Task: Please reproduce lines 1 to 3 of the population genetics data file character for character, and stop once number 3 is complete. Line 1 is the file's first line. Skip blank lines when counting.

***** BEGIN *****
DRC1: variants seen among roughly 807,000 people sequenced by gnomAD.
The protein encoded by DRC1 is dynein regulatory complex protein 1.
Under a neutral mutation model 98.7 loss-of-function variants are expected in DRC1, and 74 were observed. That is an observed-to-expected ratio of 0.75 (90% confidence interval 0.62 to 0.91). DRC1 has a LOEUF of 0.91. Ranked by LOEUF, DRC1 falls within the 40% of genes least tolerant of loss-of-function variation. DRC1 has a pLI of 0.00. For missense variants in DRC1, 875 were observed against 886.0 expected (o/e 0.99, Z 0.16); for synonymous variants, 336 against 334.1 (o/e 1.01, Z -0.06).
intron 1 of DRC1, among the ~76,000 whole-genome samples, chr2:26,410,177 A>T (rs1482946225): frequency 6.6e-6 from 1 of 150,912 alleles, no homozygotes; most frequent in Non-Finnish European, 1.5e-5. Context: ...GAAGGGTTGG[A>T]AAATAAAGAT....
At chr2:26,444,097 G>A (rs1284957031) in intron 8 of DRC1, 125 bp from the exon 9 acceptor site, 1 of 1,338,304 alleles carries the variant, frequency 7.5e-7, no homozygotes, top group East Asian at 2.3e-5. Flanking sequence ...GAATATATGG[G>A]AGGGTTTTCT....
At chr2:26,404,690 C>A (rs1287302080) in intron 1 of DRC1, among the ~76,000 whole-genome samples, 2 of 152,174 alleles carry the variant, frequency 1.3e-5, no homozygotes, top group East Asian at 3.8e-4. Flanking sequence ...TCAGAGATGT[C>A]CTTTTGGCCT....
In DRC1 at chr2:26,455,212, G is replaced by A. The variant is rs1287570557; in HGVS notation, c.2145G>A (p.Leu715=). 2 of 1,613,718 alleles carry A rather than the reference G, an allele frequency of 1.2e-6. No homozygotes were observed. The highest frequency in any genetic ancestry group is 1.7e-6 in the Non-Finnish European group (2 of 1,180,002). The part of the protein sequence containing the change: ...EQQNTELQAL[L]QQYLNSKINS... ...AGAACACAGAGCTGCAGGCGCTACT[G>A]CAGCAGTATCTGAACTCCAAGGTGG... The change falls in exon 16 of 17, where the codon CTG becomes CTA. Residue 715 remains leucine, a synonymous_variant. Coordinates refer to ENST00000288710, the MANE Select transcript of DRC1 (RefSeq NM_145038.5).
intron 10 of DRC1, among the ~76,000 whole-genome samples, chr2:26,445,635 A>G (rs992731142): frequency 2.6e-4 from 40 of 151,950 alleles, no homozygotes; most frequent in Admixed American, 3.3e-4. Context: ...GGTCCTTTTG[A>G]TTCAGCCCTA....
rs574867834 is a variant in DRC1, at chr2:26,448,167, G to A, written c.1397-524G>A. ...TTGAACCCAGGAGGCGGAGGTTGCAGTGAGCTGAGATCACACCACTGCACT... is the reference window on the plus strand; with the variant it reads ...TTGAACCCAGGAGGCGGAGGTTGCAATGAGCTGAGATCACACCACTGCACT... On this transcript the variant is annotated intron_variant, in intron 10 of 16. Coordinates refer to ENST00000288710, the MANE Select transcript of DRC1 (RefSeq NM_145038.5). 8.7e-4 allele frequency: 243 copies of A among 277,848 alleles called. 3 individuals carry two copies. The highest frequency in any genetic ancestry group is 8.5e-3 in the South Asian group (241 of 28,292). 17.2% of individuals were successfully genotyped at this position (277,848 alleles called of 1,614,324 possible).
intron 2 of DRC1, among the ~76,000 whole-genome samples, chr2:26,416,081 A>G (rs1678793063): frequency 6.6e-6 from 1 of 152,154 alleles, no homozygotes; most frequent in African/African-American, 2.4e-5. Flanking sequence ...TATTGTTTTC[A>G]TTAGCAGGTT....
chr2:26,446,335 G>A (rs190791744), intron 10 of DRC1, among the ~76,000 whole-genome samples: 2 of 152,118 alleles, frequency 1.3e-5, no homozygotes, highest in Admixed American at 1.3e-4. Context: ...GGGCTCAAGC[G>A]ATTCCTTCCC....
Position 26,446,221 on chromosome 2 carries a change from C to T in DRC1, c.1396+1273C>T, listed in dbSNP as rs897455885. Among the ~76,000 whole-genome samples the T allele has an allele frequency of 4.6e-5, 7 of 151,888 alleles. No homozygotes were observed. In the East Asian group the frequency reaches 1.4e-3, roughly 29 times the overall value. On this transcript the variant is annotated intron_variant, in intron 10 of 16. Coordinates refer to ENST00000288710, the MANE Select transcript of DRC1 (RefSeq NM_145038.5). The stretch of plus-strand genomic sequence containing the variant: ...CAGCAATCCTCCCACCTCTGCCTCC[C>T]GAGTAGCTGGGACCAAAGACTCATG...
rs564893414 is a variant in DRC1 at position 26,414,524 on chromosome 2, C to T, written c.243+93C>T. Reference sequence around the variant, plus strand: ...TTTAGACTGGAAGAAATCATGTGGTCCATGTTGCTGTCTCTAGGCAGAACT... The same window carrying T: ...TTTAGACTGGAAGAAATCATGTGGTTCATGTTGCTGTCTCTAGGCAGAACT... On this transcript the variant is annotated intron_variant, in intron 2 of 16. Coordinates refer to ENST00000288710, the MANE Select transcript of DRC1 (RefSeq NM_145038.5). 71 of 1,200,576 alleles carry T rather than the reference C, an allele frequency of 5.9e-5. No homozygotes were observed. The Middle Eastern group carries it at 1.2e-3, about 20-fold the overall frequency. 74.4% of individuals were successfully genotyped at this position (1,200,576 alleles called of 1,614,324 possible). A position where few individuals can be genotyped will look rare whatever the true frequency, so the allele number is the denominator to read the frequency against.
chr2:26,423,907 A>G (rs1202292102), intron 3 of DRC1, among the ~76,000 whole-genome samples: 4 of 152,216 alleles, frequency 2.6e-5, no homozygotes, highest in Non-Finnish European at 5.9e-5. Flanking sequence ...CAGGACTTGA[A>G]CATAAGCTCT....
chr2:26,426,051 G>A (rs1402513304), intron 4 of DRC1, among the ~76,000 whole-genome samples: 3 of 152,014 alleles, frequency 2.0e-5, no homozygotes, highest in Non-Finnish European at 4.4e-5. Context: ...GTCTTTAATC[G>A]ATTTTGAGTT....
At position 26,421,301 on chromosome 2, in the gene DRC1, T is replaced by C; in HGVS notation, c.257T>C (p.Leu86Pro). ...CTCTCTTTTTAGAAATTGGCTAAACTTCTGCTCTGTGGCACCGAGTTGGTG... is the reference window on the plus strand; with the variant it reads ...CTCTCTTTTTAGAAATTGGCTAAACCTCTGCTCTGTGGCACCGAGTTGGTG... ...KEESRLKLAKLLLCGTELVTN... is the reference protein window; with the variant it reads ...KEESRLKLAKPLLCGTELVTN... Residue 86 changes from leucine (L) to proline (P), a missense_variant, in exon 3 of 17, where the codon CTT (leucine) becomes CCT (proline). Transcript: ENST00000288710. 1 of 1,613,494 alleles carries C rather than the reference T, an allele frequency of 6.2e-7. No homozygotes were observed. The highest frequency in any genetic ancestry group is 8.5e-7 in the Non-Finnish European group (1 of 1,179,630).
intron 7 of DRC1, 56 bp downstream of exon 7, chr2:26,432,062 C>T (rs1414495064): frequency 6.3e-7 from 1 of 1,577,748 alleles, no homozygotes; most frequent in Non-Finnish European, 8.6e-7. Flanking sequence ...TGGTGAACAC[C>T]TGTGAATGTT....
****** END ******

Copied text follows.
DRC1: variants seen among roughly 807,000 people sequenced by gnomAD.
The protein encoded by DRC1 is dynein regulatory complex protein 1.
Under a neutral mutation model 98.7 loss-of-function variants are expected in DRC1, and 74 were observed. That is an observed-to-expected ratio of 0.75 (90% confidence interval 0.62 to 0.91). DRC1 has a LOEUF of 0.91. Ranked by LOEUF, DRC1 falls within the 40% of genes least tolerant of loss-of-function variation. DRC1 has a pLI of 0.00. For missense variants in DRC1, 875 were observed against 886.0 expected (o/e 0.99, Z 0.16); for synonymous variants, 336 against 334.1 (o/e 1.01, Z -0.06).